Right-to-work opponents to sing Christmas carols outside Gov. Rick Snyder's home near Ann Arbor
A group of labor supporters is hoping Gov. Rick Snyder will be moved by the Christmas spirit Monday night and reverse his stance on controversial right-to-work legislation.
Following chaotic protests at the state Capitol last week, We Are Michigan has announced plans to sing Christmas carols near Snyder's home just east of Ann Arbor.
"While Michigan families struggle, Gov. Snyder's neighbors hope that the Christmas spirit will reach through the gates of his Superior Township mansion and move the governor to reconsider his support for this extreme legislation backed by corporate CEOs and the ultra-rich, leaving working families behind in the process," the group stated in a news release Sunday night.
"We're hoping the governor will hear the sounds of the season down the road and think twice about signing this legislation," Kreisman said.
Snyder, who previously called right-to-work a "divisive issue" and said he didn't want it on his agenda, pledged his support for making Michigan a right-to-work state last week. The legislation is now quickly working its way through the Legislature during the lame duck session.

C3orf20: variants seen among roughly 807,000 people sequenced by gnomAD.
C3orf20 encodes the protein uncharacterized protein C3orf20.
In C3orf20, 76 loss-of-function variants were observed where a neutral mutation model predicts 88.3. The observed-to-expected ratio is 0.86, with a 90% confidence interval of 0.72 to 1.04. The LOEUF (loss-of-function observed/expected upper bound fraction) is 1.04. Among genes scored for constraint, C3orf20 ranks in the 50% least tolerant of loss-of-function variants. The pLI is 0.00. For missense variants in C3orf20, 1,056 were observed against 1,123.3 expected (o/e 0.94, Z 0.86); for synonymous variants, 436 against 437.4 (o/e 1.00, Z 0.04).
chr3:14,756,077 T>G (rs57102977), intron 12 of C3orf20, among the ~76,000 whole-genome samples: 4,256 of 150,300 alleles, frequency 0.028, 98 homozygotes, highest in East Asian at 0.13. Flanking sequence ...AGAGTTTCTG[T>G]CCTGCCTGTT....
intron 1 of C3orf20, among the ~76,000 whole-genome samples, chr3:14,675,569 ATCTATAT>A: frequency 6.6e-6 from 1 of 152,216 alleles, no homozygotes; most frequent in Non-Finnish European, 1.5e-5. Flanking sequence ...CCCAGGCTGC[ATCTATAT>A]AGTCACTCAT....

The legislative package the Republicans hope to finish up and ship to Snyder's desk this week would give workers the right to avoid paying union dues. In other words, it would be illegal to require financial support of a union as a condition of employment. The bills working their way through the Legislature cover all public and private workers except police and firefighters.
Snyder and Republican leaders argue workers should have a choice whether to financially support a union. Democrats and labor supporters call it a heavy-handed attack on unions and argue it deprives unions the ability to fairly collect dues from those who benefit from the bargaining process.
Labor supporters also cite statistics that show employees in right-to-work states make 3.2 percent less than workers in free-bargaining states, or about $1,500 less per year.
Unlike a march to Snyder's home earlier this year in protest of Michigan's controversial emergency manager law, Kreisman said Monday's demonstration won't impact traffic in any way. He said there won't be any protesters bused in from other communities like there were back in January.
"We're going to be off the road and making sure there won't be any backups," he said, adding it'll be a peaceful demonstration.
We Are Michigan describes itself as a coalition of faith, community, labor and progressive groups united by a common commitment to strengthening Michigan's middle class. Among its members are public and private sector union workers with the Michigan AFL-CIO, Service Employees International Union and the American Federation of State, County and Municipal Employees.
A spokesperson for Snyder could not be reached Sunday night.
Workers from across Michigan and other parts of the country are gearing up for a day of action in Lansing on Tuesday and asking supporters to wear read on Monday to show support.